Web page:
First of all, they are forced to ignore the bogey of Malthusianism, and to confess that in spite of the severe and universal and almost uninterrupted commercial depression of the last twelve years, the increase in the amount of wealth produced has kept well ahead of the increase in population. The workers will know now from the lips of their masters how to reply to emigration agents who assure them that we are too thick on the ground here in England, the country cannot support us. On the contrary, we are suffering, it seems, from an over-supply of wealth and an over-accumulation of capital. There is too much food, there are too many clothes, and too many houses in England. What do you think of it, starving men and women, who cannot get decent food or clothes or lodging for yourselves or your children ? And you, who are weary with tramping the streets, seeking in vain to be allowed to work, what do you think about the over-accumulation of the instruments of labor ? On the face of it, is there not something radically wrong in such a state of society?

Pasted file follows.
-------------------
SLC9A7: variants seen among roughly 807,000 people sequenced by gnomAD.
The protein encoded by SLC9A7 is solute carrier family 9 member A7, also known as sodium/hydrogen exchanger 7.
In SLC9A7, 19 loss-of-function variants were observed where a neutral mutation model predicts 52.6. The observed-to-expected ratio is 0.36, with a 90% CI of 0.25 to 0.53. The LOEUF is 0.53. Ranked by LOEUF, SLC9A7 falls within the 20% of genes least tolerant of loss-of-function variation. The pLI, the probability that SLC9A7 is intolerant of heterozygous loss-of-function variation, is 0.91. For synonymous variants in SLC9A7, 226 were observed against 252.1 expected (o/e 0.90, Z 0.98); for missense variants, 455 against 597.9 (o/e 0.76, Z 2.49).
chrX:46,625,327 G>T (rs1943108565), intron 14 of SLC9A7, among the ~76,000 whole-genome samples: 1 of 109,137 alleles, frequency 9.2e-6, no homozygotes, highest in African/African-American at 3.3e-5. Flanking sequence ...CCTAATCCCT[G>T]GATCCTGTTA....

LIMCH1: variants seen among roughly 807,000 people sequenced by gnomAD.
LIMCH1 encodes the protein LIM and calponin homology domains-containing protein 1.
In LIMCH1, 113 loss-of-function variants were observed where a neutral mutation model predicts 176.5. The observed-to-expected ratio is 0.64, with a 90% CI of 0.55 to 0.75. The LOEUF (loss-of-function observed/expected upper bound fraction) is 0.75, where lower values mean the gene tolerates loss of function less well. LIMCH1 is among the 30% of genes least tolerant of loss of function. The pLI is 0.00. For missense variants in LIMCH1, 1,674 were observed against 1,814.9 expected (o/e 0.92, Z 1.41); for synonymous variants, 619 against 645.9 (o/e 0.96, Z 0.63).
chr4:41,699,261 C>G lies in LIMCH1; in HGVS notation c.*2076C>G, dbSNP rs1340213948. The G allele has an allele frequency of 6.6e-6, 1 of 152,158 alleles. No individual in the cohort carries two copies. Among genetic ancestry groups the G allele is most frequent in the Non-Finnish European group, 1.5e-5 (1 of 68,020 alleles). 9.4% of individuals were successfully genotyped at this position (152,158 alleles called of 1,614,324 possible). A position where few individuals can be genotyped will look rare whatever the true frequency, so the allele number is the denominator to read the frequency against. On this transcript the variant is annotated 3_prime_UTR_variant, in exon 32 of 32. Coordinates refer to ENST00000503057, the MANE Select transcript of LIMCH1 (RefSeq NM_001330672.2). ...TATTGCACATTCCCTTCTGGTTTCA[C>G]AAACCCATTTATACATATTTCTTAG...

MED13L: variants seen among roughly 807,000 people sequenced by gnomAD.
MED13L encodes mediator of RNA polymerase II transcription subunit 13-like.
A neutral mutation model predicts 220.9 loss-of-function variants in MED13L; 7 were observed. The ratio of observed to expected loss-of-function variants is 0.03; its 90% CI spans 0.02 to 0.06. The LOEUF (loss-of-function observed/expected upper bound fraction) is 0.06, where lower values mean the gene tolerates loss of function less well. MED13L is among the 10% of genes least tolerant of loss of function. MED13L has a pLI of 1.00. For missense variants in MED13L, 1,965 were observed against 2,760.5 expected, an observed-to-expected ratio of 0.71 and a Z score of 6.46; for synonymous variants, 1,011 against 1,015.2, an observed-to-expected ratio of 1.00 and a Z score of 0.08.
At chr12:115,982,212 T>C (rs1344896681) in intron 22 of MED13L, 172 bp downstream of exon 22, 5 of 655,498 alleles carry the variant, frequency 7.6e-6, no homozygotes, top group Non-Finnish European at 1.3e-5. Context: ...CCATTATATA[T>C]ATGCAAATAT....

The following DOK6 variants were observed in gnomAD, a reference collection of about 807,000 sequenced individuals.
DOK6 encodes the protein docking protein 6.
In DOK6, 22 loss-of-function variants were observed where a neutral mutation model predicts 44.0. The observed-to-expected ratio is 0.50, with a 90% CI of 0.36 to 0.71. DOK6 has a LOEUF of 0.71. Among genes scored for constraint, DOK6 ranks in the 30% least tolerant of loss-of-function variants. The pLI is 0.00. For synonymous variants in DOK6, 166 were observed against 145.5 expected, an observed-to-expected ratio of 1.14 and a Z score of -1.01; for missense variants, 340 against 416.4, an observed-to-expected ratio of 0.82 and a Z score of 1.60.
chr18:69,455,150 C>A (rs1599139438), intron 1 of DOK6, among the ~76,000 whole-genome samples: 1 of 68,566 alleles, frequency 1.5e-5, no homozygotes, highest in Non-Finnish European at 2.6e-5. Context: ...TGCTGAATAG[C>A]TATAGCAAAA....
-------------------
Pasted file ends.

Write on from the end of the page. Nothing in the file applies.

But all this wealth is produced, you know, not to satisfy any one's needs, but on the chance that it may sell at a profit. Not a profit to the men who created it, of course; they, poor devils, have had their share in their more or less miserable wages; but a profit to the man whose concern in the matter is that somehow or other he manages to get the rest of the world to recognize him as the proprietor of the capital used in production. If he cannot get as much profit as he wants, he will not let any one have what he calls his goods, nor will he let workers use his capital any longer. They may go the workhouse or where they like, that is not his business.